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The doughty captain had not escaped unscathed. A swollen black eye and a bleeding nose bore eloquent testimony to the force and accuracy of Jim's blows. A guard on each side and another behind were soon propelling Spurling toward the open door. From within came the ceaseless click of a telegraph instrument. Throppy was still calling the cutter. Jim heard the quick patter of the continental code; Brittler heard it, too, and understood. He sprang forward with a shout of alarm.
"They've got a wireless! Smash it!"
A buffet on the side of the head knocked Stevens off his soap-box and sent him rolling on the floor. Five seconds later a crashing blow from a stick of firewood put the instrument out of commission. Brittler poised his club threateningly over the prostrate Stevens.
"Wish I knew if you've been able to get a message through to anybody! If I thought you had--"
He did not finish, but half-raised the stick, then dropped it again and turned away. One by one the remaining members of Spurling & Company were bundled unceremoniously into the cabin. Then the door was slammed shut and two men with automatics were stationed on guard outside.
"Don't shoot unless you have to," instructed Brittler's voice, purposely raised. "And remember a bullet in the leg'll stop a man just as quick as one through the body."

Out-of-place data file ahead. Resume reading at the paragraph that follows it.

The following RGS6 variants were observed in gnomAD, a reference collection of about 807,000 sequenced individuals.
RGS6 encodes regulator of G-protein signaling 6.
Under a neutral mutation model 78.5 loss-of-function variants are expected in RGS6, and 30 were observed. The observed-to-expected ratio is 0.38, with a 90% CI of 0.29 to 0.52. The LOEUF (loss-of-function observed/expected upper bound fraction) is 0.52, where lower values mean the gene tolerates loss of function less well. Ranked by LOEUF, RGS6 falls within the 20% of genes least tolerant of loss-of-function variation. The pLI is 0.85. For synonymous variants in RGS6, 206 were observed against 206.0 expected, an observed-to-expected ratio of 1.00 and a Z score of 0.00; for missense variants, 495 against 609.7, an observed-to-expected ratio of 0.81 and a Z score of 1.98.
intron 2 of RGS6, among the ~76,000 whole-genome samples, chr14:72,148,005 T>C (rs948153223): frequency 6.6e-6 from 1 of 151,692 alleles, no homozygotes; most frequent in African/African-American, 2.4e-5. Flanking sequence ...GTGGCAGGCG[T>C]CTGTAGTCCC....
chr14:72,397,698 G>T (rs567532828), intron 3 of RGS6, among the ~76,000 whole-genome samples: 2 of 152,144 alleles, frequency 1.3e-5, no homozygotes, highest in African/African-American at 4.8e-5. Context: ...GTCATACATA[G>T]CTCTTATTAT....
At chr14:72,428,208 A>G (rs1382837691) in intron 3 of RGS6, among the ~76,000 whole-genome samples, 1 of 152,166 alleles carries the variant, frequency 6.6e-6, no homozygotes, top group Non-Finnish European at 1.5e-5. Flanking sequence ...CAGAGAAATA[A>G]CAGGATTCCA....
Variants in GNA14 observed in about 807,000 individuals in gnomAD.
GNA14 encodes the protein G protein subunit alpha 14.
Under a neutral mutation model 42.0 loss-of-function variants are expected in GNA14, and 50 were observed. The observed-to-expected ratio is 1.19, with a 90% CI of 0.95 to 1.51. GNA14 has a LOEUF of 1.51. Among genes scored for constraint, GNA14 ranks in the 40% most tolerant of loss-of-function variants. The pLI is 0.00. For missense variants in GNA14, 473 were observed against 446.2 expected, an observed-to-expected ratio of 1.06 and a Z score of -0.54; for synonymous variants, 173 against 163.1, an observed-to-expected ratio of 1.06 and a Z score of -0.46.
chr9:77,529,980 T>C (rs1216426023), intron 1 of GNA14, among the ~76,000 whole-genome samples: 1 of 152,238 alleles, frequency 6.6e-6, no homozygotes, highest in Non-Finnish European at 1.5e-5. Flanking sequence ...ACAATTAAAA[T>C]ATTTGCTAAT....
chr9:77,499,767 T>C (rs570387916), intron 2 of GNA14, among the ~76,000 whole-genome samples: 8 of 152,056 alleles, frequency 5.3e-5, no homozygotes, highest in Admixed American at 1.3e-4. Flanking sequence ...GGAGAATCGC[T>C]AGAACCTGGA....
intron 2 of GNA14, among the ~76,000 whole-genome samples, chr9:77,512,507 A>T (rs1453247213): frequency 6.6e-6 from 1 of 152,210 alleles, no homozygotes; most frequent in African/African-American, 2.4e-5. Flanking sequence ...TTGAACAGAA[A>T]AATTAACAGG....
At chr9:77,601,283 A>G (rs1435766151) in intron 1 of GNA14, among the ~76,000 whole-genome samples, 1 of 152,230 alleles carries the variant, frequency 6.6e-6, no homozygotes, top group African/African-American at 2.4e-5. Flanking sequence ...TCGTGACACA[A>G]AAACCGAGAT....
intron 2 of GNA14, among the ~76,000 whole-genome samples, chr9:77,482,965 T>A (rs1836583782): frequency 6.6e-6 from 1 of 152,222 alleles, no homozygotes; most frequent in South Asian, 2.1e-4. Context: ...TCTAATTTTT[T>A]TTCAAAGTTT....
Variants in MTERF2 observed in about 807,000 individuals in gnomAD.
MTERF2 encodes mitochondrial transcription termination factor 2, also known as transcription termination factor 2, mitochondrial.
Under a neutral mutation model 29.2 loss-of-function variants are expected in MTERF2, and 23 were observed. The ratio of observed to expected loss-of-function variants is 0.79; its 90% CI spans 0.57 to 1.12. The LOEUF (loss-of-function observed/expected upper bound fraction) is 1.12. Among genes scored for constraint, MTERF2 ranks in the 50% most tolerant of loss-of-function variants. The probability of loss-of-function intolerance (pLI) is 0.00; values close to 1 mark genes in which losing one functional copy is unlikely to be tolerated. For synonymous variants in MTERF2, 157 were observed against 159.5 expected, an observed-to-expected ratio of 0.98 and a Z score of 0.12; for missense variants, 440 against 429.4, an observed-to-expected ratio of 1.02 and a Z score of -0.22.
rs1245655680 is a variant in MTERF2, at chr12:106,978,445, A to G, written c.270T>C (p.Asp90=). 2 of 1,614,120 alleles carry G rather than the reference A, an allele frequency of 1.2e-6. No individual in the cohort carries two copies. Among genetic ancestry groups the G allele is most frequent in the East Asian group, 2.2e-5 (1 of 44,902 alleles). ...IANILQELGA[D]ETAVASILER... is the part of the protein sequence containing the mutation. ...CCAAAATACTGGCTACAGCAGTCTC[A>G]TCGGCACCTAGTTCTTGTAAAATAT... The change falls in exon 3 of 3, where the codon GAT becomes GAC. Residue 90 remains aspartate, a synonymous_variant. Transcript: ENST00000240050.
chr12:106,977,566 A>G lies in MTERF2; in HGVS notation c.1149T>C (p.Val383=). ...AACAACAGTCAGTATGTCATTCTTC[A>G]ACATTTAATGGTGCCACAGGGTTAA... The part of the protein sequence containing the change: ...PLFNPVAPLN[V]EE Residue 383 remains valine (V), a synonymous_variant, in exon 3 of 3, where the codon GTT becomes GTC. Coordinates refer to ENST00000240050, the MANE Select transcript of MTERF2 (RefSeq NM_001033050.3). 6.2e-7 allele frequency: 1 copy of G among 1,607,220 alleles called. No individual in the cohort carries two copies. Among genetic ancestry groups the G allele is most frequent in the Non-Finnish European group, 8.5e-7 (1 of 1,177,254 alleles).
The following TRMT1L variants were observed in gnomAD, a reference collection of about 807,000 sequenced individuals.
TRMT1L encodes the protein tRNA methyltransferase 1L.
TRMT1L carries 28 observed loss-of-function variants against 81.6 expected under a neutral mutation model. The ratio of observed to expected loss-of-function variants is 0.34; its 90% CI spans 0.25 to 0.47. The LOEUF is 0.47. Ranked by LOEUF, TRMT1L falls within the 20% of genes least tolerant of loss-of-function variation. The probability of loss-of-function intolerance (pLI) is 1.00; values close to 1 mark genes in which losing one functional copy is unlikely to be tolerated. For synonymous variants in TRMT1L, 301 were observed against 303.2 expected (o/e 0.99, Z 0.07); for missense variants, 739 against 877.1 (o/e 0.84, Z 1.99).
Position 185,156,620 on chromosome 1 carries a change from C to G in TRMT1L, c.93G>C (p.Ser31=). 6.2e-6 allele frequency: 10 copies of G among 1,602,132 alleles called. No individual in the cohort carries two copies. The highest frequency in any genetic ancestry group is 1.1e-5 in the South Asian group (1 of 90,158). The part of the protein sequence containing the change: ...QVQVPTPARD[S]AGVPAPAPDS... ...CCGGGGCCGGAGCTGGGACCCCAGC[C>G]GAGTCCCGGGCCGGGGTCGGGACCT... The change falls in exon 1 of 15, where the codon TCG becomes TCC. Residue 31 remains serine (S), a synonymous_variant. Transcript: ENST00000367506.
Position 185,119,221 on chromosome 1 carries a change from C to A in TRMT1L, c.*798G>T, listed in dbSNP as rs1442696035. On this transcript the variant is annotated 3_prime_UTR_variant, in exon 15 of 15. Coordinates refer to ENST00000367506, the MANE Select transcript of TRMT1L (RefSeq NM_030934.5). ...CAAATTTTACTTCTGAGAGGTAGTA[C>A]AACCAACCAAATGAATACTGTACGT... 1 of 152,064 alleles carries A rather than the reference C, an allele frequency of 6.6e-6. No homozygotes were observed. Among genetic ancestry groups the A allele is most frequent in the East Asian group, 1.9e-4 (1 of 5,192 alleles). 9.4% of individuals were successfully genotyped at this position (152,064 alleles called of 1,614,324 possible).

And then in a tone lower, but perfectly audible to those inside:
"But don't stand any fooling! Stop 'em anyway! You know as well as I do how much we've got at stake."
Defeated and imprisoned in their own camp, the boys faced one another dazedly. Though none of the five had suffered serious injury in the scuffle, all were more or less bruised. Lane had a slight cut where the back of his head had come in contact with a sharp stone on the beach; and a swelling on Jim's right cheek told where the hard fist of one of his a.s.sailants had landed.
Outside, the two guards conversed in low tones; but for a few minutes no one spoke or moved in the cabin. The boys sat on the boxes or had thrown themselves into their bunks. Elbow on table, chin resting in palm, Jim was buried in thought. In a short time, he knew, Brittler and his gang would sail away in the _Barracouta_. They would land their human cargo and probably scuttle the sloop. Somehow they must be thwarted; but how?
The boys had no weapons to match those of their armed guard. Without ammunition, the shot-gun was but a bar of iron. How could they cope with the bullets in the automatics? Undoubtedly every smuggler carried a revolver, and would use it in a pinch; possibly some might not wait until the pinch came. It was a knotty problem. The drops oozed out on Jim's forehead as he wrestled for its solution.